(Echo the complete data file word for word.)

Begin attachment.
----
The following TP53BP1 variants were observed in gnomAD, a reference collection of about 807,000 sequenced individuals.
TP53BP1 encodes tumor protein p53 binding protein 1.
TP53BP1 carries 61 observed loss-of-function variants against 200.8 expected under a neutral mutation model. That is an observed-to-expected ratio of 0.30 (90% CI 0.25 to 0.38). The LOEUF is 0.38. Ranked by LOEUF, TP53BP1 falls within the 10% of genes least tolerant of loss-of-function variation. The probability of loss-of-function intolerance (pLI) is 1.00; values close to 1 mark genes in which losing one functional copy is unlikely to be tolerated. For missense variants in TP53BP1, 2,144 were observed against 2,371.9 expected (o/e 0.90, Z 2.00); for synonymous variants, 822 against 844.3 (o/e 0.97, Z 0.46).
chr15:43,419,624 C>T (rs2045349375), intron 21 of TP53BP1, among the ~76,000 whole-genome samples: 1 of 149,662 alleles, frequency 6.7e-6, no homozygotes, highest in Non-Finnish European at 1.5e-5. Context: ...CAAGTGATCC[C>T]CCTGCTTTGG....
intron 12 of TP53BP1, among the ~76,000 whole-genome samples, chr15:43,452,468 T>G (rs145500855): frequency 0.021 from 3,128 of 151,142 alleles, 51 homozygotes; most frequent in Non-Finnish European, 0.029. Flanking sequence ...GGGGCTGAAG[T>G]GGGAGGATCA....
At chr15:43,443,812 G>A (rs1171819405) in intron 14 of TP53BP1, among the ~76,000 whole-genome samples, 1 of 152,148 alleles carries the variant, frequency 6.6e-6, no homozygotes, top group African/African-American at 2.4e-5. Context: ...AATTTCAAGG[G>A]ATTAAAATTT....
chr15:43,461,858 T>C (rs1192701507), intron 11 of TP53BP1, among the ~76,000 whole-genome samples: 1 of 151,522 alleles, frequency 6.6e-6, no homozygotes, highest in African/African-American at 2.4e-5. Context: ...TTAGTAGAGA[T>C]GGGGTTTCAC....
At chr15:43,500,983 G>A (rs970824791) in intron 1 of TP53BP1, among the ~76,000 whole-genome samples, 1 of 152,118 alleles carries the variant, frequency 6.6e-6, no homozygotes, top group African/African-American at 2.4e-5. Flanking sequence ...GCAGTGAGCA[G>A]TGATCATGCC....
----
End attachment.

The following TP53BP1 variants were observed in gnomAD, a reference collection of about 807,000 sequenced individuals.
TP53BP1 encodes tumor protein p53 binding protein 1.
TP53BP1 carries 61 observed loss-of-function variants against 200.8 expected under a neutral mutation model. That is an observed-to-expected ratio of 0.30 (90% CI 0.25 to 0.38). The LOEUF is 0.38. Ranked by LOEUF, TP53BP1 falls within the 10% of genes least tolerant of loss-of-function variation. The probability of loss-of-function intolerance (pLI) is 1.00; values close to 1 mark genes in which losing one functional copy is unlikely to be tolerated. For missense variants in TP53BP1, 2,144 were observed against 2,371.9 expected (o/e 0.90, Z 2.00); for synonymous variants, 822 against 844.3 (o/e 0.97, Z 0.46).
chr15:43,419,624 C>T (rs2045349375), intron 21 of TP53BP1, among the ~76,000 whole-genome samples: 1 of 149,662 alleles, frequency 6.7e-6, no homozygotes, highest in Non-Finnish European at 1.5e-5. Context: ...CAAGTGATCC[C>T]CCTGCTTTGG....
intron 12 of TP53BP1, among the ~76,000 whole-genome samples, chr15:43,452,468 T>G (rs145500855): frequency 0.021 from 3,128 of 151,142 alleles, 51 homozygotes; most frequent in Non-Finnish European, 0.029. Flanking sequence ...GGGGCTGAAG[T>G]GGGAGGATCA....
At chr15:43,443,812 G>A (rs1171819405) in intron 14 of TP53BP1, among the ~76,000 whole-genome samples, 1 of 152,148 alleles carries the variant, frequency 6.6e-6, no homozygotes, top group African/African-American at 2.4e-5. Context: ...AATTTCAAGG[G>A]ATTAAAATTT....
chr15:43,461,858 T>C (rs1192701507), intron 11 of TP53BP1, among the ~76,000 whole-genome samples: 1 of 151,522 alleles, frequency 6.6e-6, no homozygotes, highest in African/African-American at 2.4e-5. Context: ...TTAGTAGAGA[T>C]GGGGTTTCAC....
At chr15:43,500,983 G>A (rs970824791) in intron 1 of TP53BP1, among the ~76,000 whole-genome samples, 1 of 152,118 alleles carries the variant, frequency 6.6e-6, no homozygotes, top group African/African-American at 2.4e-5. Flanking sequence ...GCAGTGAGCA[G>A]TGATCATGCC....